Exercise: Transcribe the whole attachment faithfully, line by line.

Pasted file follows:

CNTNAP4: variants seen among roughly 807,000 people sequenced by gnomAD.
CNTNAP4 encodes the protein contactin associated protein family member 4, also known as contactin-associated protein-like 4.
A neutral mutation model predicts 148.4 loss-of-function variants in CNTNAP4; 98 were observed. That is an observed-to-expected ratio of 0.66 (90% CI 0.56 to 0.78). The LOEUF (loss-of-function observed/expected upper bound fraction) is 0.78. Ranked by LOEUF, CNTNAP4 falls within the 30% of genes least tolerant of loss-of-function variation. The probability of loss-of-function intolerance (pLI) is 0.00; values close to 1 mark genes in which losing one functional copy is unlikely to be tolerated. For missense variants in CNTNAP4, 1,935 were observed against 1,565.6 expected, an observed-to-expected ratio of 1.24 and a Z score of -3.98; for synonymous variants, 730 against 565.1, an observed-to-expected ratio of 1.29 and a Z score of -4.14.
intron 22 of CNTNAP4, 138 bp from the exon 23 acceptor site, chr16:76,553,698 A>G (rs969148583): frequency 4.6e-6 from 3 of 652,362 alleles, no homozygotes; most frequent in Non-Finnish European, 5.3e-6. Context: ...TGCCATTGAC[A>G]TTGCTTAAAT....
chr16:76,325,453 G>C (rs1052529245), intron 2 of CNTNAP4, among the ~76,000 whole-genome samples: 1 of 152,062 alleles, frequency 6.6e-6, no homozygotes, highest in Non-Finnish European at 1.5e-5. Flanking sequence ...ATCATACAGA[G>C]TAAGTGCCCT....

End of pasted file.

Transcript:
CNTNAP4: variants seen among roughly 807,000 people sequenced by gnomAD.
CNTNAP4 encodes the protein contactin associated protein family member 4, also known as contactin-associated protein-like 4.
A neutral mutation model predicts 148.4 loss-of-function variants in CNTNAP4; 98 were observed. That is an observed-to-expected ratio of 0.66 (90% CI 0.56 to 0.78). The LOEUF (loss-of-function observed/expected upper bound fraction) is 0.78. Ranked by LOEUF, CNTNAP4 falls within the 30% of genes least tolerant of loss-of-function variation. The probability of loss-of-function intolerance (pLI) is 0.00; values close to 1 mark genes in which losing one functional copy is unlikely to be tolerated. For missense variants in CNTNAP4, 1,935 were observed against 1,565.6 expected, an observed-to-expected ratio of 1.24 and a Z score of -3.98; for synonymous variants, 730 against 565.1, an observed-to-expected ratio of 1.29 and a Z score of -4.14.
intron 22 of CNTNAP4, 138 bp from the exon 23 acceptor site, chr16:76,553,698 A>G (rs969148583): frequency 4.6e-6 from 3 of 652,362 alleles, no homozygotes; most frequent in Non-Finnish European, 5.3e-6. Context: ...TGCCATTGAC[A>G]TTGCTTAAAT....
chr16:76,325,453 G>C (rs1052529245), intron 2 of CNTNAP4, among the ~76,000 whole-genome samples: 1 of 152,062 alleles, frequency 6.6e-6, no homozygotes, highest in Non-Finnish European at 1.5e-5. Flanking sequence ...ATCATACAGA[G>C]TAAGTGCCCT....